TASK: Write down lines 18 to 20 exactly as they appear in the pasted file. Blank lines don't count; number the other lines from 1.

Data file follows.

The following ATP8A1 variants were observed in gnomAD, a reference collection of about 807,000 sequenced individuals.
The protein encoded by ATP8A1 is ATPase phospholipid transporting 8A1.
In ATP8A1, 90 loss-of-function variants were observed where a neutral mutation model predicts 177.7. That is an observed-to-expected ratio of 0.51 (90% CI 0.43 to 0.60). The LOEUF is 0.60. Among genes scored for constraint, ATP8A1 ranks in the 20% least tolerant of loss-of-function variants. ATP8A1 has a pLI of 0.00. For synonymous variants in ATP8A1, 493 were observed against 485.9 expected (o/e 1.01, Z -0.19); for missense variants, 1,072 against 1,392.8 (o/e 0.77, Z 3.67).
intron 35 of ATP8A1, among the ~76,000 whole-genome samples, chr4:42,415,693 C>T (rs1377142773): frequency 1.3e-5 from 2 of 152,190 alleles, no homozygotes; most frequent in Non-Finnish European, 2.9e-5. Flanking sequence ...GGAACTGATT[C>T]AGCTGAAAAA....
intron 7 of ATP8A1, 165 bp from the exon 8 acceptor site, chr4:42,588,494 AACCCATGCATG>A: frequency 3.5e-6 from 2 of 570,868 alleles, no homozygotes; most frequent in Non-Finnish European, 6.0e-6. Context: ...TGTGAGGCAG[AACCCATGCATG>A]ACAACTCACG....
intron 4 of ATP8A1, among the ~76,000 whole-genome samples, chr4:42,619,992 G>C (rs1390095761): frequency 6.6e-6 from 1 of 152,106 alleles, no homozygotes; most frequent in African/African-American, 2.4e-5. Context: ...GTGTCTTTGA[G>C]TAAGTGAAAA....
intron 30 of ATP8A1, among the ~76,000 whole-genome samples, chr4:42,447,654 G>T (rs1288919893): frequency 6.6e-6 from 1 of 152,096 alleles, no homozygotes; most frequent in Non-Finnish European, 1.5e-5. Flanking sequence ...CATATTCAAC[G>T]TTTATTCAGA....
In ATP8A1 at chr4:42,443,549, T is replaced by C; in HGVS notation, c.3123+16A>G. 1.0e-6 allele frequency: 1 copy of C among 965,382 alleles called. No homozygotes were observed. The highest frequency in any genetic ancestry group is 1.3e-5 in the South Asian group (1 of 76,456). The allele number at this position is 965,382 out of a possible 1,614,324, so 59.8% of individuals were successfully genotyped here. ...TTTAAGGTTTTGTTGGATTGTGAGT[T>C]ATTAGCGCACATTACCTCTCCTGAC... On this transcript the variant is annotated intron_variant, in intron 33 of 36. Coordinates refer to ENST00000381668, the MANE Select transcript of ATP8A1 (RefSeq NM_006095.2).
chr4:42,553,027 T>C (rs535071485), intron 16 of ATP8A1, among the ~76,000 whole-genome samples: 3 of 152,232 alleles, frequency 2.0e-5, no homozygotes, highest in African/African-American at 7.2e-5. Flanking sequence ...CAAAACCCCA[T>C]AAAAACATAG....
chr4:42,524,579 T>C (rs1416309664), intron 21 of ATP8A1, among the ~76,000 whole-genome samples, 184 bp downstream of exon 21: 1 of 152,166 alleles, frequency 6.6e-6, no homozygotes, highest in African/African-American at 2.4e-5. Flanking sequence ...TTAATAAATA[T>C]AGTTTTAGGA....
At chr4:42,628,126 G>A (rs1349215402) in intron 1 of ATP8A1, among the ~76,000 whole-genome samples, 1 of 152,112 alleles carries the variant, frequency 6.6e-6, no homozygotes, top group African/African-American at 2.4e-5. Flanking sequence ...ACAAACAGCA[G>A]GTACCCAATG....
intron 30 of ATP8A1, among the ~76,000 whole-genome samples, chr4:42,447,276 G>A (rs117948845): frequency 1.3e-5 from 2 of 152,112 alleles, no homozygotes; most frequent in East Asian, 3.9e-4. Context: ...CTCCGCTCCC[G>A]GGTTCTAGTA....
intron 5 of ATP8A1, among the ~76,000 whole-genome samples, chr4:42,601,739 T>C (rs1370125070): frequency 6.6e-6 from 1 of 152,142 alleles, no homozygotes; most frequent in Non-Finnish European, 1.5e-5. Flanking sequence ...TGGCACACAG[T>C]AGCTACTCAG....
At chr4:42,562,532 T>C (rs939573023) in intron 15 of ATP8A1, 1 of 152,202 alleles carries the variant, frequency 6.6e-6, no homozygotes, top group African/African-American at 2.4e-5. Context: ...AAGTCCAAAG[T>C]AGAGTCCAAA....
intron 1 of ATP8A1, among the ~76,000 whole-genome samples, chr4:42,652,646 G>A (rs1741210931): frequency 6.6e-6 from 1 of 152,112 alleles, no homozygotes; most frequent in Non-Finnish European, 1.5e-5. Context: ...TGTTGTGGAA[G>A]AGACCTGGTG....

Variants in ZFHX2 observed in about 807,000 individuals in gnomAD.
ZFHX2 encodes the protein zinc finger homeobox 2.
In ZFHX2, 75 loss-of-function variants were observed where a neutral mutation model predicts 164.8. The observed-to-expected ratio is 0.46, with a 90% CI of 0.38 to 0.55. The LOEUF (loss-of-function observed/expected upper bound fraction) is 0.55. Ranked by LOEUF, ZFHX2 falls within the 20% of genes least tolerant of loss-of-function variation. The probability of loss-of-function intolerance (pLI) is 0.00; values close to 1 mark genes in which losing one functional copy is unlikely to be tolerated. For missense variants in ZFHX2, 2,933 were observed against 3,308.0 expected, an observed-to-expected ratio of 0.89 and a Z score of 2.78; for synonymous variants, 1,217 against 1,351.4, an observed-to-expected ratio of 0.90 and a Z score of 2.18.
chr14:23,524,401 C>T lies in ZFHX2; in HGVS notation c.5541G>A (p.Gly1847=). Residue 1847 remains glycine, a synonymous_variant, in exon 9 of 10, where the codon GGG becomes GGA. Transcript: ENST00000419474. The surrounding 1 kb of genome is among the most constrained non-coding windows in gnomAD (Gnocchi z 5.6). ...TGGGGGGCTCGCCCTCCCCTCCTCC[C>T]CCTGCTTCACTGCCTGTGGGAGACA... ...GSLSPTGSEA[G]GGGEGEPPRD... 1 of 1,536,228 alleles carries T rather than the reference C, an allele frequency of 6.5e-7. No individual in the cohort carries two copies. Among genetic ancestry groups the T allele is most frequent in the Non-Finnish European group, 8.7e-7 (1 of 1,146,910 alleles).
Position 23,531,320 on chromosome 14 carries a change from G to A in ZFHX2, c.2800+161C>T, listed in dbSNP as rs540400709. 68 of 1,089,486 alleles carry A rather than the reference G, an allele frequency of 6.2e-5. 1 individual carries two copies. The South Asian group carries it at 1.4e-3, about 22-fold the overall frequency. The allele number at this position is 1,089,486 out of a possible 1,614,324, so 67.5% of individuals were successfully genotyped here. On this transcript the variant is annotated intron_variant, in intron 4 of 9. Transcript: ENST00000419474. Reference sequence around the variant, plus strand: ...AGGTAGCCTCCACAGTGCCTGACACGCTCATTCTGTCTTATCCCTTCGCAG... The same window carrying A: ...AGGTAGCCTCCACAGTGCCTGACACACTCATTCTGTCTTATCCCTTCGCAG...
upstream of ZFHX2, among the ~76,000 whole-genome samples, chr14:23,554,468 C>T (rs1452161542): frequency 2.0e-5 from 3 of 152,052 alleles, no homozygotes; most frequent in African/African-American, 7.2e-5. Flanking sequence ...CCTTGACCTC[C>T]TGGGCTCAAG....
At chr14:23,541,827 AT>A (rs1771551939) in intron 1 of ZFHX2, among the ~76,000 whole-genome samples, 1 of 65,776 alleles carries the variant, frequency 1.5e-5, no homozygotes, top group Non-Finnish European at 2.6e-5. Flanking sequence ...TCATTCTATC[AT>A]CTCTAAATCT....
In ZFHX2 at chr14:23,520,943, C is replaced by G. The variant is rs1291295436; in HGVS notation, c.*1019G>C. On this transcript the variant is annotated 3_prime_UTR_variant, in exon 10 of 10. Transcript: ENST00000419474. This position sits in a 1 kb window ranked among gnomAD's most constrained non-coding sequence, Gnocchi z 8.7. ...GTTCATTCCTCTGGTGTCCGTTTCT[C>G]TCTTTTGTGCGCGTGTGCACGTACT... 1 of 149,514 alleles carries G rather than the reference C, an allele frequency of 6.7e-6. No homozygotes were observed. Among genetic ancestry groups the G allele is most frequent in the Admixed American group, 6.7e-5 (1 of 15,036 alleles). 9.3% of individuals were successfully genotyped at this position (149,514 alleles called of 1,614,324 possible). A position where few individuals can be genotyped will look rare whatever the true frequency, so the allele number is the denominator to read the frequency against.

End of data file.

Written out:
In ZFHX2, 75 loss-of-function variants were observed where a neutral mutation model predicts 164.8. The observed-to-expected ratio is 0.46, with a 90% CI of 0.38 to 0.55. The LOEUF (loss-of-function observed/expected upper bound fraction) is 0.55. Ranked by LOEUF, ZFHX2 falls within the 20% of genes least tolerant of loss-of-function variation. The probability of loss-of-function intolerance (pLI) is 0.00; values close to 1 mark genes in which losing one functional copy is unlikely to be tolerated. For missense variants in ZFHX2, 2,933 were observed against 3,308.0 expected, an observed-to-expected ratio of 0.89 and a Z score of 2.78; for synonymous variants, 1,217 against 1,351.4, an observed-to-expected ratio of 0.90 and a Z score of 2.18.
chr14:23,524,401 C>T lies in ZFHX2; in HGVS notation c.5541G>A (p.Gly1847=). Residue 1847 remains glycine, a synonymous_variant, in exon 9 of 10, where the codon GGG becomes GGA. Transcript: ENST00000419474. The surrounding 1 kb of genome is among the most constrained non-coding windows in gnomAD (Gnocchi z 5.6). ...TGGGGGGCTCGCCCTCCCCTCCTCC[C>T]CCTGCTTCACTGCCTGTGGGAGACA... ...GSLSPTGSEA[G]GGGEGEPPRD... 1 of 1,536,228 alleles carries T rather than the reference C, an allele frequency of 6.5e-7. No individual in the cohort carries two copies. Among genetic ancestry groups the T allele is most frequent in the Non-Finnish European group, 8.7e-7 (1 of 1,146,910 alleles).
Position 23,531,320 on chromosome 14 carries a change from G to A in ZFHX2, c.2800+161C>T, listed in dbSNP as rs540400709. 68 of 1,089,486 alleles carry A rather than the reference G, an allele frequency of 6.2e-5. 1 individual carries two copies. The South Asian group carries it at 1.4e-3, about 22-fold the overall frequency. The allele number at this position is 1,089,486 out of a possible 1,614,324, so 67.5% of individuals were successfully genotyped here. On this transcript the variant is annotated intron_variant, in intron 4 of 9. Transcript: ENST00000419474. Reference sequence around the variant, plus strand: ...AGGTAGCCTCCACAGTGCCTGACACGCTCATTCTGTCTTATCCCTTCGCAG... The same window carrying A: ...AGGTAGCCTCCACAGTGCCTGACACACTCATTCTGTCTTATCCCTTCGCAG...